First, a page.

Practice Management Network - news

In December 2021, the Health and Social Care Select Committee called for submissions to its Inquiry into the Future of General Practice.  Below is the Practice Management Network’s (PMN) submission, looking at the challenges and some solutions.  The PMN has also responded to the second HSCSC Inquiry into Workforce.  This will feature in the next newsletter.

The PMN is the recognised collaborative of senior practice managers, practice manager partners and experts in strategic practice development.  Founded in 2005, their Board members provide expertise and advice, with the benefit of organisational memory, to a variety of NHS organisations including NHS Digital and the National Association of Primary Care.  It has a strong patient focus thanks to a memorandum of understanding with the National Association for Patient Participation.

What are the main challenges facing general practice in the next five years?

There is a well-documented workforce crisis in practice management which over the next five years, will impact the viability of many general practices and patients, carers and communities’ ability to receive locally based general practice services.

Practice managers are the leaders, lynchpins and organisational continuity of many GP practices.  This critical management role is often undervalued or unrecognised by the wider NHS.  Given that the GP workforce is shifting to be flexible, the consequence is that someone has to hold it all together.  Practice managers are the system ‘glue’ and safety net, offering value for money within the NHS and across social care too, with demonstrable impact on referral management and support for carers etc.

Practice managers are the single point of access to the GP practice, the organisational continuity within the Primary Care Network.  They are under increasing pressure to deliver new and more complex services to their patients, plus filter and action multiple requests from CCG, NHSE, DHSC all asking to some extent for the same thing but with slightly different wording. It is timely to remember the numerous additional staff roles being introduced into primary care with the practice manager acting as the conduit for both the patients and staff to introduce the new roles and service.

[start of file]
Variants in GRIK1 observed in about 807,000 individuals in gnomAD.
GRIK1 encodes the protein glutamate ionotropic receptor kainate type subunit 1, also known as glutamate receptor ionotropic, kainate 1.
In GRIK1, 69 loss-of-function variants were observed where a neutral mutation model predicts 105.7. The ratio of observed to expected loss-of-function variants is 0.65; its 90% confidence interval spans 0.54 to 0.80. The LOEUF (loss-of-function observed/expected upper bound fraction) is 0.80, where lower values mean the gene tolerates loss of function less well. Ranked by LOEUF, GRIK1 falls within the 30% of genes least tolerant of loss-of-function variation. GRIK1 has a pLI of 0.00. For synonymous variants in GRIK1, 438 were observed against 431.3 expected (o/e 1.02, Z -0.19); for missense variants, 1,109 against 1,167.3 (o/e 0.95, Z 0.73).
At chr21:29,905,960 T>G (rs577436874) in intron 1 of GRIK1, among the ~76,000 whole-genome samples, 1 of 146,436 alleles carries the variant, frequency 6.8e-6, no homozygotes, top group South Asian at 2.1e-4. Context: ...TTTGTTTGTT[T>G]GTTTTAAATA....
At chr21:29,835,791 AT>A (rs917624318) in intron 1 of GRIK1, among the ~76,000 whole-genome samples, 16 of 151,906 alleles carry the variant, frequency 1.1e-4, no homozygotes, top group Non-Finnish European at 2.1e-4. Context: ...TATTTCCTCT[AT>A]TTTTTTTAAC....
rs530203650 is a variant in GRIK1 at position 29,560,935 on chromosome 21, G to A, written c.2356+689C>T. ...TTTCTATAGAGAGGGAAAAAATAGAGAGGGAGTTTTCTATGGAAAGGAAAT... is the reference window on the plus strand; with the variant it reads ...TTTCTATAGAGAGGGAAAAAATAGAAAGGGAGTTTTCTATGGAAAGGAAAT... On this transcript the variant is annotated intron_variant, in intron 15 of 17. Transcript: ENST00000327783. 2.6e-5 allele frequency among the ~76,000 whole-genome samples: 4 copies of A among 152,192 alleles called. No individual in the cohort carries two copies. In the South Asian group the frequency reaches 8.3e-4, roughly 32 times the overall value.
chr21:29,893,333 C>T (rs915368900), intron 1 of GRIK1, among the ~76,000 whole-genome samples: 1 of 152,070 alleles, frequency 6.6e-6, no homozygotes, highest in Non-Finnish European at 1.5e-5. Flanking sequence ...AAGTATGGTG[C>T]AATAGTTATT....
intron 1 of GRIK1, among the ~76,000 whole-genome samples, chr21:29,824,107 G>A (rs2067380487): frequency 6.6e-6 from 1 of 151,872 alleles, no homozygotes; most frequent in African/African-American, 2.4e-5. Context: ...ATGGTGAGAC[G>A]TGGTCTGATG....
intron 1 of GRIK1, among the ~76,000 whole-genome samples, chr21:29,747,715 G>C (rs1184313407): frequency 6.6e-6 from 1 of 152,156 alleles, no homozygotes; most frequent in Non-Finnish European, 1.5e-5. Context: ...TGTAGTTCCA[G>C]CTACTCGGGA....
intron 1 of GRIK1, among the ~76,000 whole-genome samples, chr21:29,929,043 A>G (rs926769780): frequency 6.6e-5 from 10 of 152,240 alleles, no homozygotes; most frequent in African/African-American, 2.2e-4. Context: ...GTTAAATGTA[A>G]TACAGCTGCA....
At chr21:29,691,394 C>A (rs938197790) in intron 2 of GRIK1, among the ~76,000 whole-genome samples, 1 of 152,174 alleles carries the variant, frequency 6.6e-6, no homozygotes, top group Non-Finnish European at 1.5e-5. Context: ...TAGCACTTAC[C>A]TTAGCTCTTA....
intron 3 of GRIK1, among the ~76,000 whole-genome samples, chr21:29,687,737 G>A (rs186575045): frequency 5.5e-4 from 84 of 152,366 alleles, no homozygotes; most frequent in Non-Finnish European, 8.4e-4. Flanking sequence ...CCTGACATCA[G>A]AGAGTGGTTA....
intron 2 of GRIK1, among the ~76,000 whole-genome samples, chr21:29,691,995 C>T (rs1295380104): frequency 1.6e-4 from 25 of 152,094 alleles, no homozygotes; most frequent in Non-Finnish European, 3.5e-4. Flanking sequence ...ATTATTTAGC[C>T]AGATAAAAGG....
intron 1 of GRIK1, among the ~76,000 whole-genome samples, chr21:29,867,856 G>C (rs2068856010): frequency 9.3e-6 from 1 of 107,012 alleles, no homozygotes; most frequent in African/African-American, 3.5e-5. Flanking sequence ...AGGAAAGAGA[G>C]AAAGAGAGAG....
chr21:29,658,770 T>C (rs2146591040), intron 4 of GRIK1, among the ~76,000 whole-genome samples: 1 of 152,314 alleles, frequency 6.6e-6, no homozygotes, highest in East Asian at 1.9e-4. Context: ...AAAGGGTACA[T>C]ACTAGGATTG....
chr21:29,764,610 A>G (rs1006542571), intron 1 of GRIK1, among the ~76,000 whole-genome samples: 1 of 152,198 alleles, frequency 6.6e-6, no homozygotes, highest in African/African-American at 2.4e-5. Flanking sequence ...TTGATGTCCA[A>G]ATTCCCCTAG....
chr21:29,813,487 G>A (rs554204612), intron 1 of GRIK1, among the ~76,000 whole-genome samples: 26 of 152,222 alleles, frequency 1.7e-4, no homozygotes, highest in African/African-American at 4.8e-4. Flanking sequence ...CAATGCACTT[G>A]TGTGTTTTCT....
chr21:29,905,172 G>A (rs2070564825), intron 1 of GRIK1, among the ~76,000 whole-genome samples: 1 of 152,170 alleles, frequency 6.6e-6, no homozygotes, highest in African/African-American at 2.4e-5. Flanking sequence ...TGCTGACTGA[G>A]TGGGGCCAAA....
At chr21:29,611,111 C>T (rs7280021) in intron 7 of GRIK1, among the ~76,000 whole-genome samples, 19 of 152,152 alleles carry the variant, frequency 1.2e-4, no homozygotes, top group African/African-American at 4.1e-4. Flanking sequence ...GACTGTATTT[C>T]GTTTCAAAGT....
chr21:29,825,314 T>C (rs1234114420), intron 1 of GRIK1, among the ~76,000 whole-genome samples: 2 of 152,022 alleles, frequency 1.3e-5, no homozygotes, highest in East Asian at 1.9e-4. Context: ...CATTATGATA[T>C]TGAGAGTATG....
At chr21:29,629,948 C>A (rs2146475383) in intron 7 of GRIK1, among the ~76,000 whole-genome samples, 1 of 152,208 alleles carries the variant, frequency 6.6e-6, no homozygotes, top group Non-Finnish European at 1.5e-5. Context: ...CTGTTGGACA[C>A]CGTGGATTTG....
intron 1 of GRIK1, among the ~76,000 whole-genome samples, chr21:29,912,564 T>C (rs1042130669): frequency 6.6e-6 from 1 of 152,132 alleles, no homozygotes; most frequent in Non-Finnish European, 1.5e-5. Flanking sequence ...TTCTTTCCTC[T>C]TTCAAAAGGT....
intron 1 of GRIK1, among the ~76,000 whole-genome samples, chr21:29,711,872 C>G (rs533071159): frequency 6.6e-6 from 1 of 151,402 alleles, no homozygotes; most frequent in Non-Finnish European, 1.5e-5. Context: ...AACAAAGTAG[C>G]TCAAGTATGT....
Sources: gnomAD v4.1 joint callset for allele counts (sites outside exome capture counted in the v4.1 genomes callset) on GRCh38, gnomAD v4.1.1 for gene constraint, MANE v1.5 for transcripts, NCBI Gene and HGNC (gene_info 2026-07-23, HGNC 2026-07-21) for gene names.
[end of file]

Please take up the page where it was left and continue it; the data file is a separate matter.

Practice leadership is now provided by this cadre of managers who are increasingly taking on Partner status, without the benefit of the NHS ‘golden hello’ incentive offered to clinical colleagues who become partners.  Practice Managers are increasingly taking on accountability for contracts and delivery responsibilities

These factors make an already challenging role unsustainable and increasingly unattractive to new recruits.  Retention is increasingly difficult as demonstrated by increasing numbers leaving due to burn out and earlier than planned retirement.  There is no clear pipeline of replacements for those with planned retirements.

As a management role within the NHS family, practice management is the forgotten part of the profession.  There has been little system investment in formal training, no clear career path, career development unlike other NHS management roles.  Plus there has been a ’brain drain’ of senior practice managers into strategic roles at Primary Care Network and Integrated Care System level.

What can be done to reduce bureaucracy and burnout, and improve morale, in general practice?

Practice management is the system architecture in general practice and needs strengthening.  This requires:

  • NHSE&I to review and strengthen partnership working with practice manager groups and to involve practice managers early in strategy and decisions affecting general practice business and more importantly, delivery of patient services.
  • Investment in practice management training and career development and the workforce in general i.e. the speciality of practice management as part of the NHS Graduate Management Scheme as well as a funded PM Vocational Training Scheme. Recognition of accredited practice managers would be a positive step for those currently accredited and encourage others to formalise their role within the profession.
  • NHS Jobs and Careers to provide stronger marketing messages to promote practice management as a worthwhile NHS career, leading and developing general practice provision in the NHS.
  • Parity of esteem and formal acknowledgement for Practice Managers as Lead Partners and Partners in GP practices, demonstrated by inclusion in the ‘Golden Hello’ initiative.
  • Investment and recognition of PMs acting as mentors as demonstrated during the pandemic offering pastoral care and well-being support both to colleague PMs, practice team members and GPs.
  • Stronger voice for practice managers within the Primary Care Networks and at Integrated Care System level, supported to deliver services that keep patients out of hospital.
  • Recognition of the skills in working in partnership with patients and Patient Participation Groups to learn together and introduce the new changes around access and service delivery, often at speed, highlighted by the pandemic. This includes the vital roles of rebuilding trust in primary care and patient education around new services and delivery modalities.

Leave a Reply